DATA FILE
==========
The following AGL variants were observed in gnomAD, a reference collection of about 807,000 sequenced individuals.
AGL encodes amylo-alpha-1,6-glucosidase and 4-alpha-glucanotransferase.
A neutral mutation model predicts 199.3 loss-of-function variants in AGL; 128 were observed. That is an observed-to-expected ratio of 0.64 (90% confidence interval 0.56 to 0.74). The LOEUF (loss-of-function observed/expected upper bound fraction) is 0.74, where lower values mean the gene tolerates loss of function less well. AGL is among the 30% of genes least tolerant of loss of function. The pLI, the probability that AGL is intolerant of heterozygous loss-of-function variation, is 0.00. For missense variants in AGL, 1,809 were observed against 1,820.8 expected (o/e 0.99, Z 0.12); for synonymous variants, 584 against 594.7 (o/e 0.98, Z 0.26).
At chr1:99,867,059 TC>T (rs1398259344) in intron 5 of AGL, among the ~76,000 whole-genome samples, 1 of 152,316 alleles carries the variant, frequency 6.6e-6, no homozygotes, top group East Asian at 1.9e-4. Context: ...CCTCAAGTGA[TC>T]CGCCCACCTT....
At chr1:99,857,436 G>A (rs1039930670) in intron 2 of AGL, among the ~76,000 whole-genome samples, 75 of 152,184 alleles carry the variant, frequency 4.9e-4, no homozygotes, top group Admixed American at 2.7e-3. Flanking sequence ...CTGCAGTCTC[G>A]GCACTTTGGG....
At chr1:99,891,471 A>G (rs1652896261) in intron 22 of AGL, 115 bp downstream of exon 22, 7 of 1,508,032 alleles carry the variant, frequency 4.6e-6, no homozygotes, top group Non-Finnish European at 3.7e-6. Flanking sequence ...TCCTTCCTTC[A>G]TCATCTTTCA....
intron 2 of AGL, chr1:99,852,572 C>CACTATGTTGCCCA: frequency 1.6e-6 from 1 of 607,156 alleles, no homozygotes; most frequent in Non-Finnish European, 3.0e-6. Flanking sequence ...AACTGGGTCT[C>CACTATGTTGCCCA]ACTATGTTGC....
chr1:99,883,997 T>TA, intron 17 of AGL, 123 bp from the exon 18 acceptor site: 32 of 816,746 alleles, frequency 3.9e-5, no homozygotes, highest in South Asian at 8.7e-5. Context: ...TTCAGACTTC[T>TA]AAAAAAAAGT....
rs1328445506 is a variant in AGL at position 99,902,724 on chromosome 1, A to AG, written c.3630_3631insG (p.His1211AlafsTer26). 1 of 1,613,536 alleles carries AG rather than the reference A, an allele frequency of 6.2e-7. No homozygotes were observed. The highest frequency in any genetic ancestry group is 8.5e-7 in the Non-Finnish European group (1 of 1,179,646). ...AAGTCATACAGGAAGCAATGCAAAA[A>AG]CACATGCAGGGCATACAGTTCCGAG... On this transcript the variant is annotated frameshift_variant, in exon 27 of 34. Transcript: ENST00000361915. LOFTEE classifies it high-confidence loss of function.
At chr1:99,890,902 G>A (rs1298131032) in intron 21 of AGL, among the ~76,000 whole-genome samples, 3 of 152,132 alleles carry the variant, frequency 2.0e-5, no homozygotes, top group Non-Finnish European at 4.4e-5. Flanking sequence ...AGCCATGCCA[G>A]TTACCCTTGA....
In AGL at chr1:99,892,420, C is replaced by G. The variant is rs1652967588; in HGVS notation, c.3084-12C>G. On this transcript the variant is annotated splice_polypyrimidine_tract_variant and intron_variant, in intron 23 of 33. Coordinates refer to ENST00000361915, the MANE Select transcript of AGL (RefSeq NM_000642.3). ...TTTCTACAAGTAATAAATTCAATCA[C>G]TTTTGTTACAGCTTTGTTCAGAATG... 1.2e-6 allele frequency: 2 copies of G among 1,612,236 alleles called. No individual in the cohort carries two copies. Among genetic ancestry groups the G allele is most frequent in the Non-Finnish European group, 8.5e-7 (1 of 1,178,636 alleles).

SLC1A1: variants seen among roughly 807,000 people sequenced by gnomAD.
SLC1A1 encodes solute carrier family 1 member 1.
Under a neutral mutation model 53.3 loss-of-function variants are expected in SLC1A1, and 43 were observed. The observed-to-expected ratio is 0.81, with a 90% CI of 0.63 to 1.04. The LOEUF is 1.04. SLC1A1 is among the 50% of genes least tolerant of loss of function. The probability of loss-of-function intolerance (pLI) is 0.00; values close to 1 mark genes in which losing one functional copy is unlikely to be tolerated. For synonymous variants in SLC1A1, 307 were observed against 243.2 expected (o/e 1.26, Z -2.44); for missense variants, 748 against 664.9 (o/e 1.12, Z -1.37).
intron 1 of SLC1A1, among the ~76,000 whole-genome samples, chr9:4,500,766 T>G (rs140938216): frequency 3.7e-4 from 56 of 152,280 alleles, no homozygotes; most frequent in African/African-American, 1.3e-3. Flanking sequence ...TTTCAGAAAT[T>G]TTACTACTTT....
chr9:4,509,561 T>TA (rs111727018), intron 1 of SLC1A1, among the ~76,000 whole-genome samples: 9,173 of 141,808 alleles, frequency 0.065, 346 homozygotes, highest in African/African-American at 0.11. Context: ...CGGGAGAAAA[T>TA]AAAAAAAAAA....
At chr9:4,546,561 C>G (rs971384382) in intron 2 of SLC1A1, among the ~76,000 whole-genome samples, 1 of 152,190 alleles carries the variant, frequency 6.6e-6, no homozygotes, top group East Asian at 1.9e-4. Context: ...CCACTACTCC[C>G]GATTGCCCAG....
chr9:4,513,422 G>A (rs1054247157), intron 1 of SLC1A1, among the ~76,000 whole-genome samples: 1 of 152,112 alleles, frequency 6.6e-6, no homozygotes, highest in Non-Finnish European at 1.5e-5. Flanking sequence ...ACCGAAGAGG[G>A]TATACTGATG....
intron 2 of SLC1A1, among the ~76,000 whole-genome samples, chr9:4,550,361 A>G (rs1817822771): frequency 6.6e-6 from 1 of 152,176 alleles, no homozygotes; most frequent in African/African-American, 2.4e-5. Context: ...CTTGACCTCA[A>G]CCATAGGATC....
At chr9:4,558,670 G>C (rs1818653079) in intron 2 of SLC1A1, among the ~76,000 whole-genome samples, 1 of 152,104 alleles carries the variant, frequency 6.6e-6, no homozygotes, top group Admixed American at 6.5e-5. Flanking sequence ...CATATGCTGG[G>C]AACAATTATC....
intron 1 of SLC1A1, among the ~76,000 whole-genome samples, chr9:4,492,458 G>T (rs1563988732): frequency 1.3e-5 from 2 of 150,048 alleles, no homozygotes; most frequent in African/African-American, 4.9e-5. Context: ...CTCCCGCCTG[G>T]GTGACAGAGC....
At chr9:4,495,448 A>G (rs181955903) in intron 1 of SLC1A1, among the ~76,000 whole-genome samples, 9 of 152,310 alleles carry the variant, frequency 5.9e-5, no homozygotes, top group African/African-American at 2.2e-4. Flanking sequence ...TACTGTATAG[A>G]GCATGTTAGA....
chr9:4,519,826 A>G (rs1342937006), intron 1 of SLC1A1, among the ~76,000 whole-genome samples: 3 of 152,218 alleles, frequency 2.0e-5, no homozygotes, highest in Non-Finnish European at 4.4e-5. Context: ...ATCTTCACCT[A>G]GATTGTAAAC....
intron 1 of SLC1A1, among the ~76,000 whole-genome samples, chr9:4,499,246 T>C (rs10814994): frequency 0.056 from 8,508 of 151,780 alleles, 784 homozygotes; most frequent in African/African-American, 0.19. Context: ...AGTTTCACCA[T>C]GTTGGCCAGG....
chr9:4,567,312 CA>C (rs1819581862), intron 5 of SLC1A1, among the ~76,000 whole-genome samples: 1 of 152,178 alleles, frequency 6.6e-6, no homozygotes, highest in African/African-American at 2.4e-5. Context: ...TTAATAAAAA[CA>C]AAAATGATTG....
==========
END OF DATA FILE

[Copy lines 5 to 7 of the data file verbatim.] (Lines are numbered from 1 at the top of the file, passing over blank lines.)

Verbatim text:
At chr1:99,857,436 G>A (rs1039930670) in intron 2 of AGL, among the ~76,000 whole-genome samples, 75 of 152,184 alleles carry the variant, frequency 4.9e-4, no homozygotes, top group Admixed American at 2.7e-3. Flanking sequence ...CTGCAGTCTC[G>A]GCACTTTGGG....
At chr1:99,891,471 A>G (rs1652896261) in intron 22 of AGL, 115 bp downstream of exon 22, 7 of 1,508,032 alleles carry the variant, frequency 4.6e-6, no homozygotes, top group Non-Finnish European at 3.7e-6. Flanking sequence ...TCCTTCCTTC[A>G]TCATCTTTCA....
intron 2 of AGL, chr1:99,852,572 C>CACTATGTTGCCCA: frequency 1.6e-6 from 1 of 607,156 alleles, no homozygotes; most frequent in Non-Finnish European, 3.0e-6. Flanking sequence ...AACTGGGTCT[C>CACTATGTTGCCCA]ACTATGTTGC....